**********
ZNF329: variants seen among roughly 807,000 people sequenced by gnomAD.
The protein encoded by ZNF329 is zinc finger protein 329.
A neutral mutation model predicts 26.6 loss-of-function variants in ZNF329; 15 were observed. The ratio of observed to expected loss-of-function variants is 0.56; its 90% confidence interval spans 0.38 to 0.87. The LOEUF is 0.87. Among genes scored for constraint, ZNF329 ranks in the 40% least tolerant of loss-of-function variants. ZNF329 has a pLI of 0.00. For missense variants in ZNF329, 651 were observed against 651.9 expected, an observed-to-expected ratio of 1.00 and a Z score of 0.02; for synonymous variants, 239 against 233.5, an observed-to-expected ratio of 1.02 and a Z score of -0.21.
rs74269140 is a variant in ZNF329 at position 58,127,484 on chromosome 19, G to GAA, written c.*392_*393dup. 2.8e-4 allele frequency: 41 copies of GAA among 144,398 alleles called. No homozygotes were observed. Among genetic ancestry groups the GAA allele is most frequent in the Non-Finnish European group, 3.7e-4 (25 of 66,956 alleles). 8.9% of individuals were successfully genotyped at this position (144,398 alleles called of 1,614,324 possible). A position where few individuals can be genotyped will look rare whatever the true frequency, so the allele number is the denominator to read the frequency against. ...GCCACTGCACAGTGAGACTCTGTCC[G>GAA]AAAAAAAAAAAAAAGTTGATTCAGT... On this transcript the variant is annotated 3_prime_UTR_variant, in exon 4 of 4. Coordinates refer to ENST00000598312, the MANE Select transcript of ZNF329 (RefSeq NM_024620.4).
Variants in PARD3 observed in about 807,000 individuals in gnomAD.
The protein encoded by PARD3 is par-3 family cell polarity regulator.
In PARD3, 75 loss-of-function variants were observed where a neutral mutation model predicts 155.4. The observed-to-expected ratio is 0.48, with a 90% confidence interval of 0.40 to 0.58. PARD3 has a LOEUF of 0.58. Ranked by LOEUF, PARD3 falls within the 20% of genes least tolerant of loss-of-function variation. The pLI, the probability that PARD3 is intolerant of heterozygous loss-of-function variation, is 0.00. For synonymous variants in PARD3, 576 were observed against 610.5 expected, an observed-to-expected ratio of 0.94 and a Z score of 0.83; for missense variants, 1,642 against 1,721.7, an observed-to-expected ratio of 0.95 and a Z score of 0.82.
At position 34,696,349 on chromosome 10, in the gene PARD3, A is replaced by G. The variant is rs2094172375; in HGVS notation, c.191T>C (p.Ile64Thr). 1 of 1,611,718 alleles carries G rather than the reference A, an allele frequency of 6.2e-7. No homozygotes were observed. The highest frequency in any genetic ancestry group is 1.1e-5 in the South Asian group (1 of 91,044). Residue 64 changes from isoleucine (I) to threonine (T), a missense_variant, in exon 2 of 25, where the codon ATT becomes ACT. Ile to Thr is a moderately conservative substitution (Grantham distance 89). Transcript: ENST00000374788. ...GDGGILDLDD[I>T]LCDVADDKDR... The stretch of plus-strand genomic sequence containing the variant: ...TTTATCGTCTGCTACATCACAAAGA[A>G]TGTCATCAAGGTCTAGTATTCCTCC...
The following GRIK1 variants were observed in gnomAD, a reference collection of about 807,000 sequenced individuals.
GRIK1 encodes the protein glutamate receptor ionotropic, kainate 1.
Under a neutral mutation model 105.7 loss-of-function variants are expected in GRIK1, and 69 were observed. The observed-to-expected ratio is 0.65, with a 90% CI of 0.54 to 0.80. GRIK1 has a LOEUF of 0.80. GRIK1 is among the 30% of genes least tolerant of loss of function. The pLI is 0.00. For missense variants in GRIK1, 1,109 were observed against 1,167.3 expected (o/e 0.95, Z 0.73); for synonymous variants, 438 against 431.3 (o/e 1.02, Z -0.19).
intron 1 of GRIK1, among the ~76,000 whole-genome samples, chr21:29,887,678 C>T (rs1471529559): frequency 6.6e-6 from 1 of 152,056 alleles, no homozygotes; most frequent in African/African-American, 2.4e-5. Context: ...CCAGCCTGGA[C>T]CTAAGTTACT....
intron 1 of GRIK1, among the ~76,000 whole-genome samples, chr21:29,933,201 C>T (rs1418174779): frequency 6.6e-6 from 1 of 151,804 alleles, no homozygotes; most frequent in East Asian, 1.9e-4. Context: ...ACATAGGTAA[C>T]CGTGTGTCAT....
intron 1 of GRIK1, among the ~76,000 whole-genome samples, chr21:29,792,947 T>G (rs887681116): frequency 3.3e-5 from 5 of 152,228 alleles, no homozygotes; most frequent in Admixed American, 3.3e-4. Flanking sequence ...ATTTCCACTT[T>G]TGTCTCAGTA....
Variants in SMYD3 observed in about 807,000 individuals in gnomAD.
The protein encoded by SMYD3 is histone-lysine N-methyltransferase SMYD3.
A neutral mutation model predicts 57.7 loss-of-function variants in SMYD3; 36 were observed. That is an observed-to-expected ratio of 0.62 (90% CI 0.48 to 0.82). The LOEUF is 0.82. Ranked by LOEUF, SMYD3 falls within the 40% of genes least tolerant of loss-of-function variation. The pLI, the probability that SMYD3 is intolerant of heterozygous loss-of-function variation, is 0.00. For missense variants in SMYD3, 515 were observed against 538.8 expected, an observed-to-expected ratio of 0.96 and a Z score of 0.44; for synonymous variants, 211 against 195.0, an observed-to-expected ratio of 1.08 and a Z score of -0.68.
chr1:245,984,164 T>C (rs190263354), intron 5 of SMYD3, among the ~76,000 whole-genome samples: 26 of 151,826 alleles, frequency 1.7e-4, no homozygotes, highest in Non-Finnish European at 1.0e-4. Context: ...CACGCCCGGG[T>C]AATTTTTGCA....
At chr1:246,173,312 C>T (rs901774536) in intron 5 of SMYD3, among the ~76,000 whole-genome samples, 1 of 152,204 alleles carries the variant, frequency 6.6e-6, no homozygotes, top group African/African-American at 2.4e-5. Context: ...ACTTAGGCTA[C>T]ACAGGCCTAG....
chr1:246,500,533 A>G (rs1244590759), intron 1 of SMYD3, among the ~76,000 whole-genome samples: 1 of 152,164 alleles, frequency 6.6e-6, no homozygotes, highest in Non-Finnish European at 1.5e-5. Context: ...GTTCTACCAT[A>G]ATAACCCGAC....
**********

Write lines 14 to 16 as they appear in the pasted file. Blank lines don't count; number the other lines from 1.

intron 1 of GRIK1, among the ~76,000 whole-genome samples, chr21:29,792,947 T>G (rs887681116): frequency 3.3e-5 from 5 of 152,228 alleles, no homozygotes; most frequent in Admixed American, 3.3e-4. Flanking sequence ...ATTTCCACTT[T>G]TGTCTCAGTA....
Variants in SMYD3 observed in about 807,000 individuals in gnomAD.
The protein encoded by SMYD3 is histone-lysine N-methyltransferase SMYD3.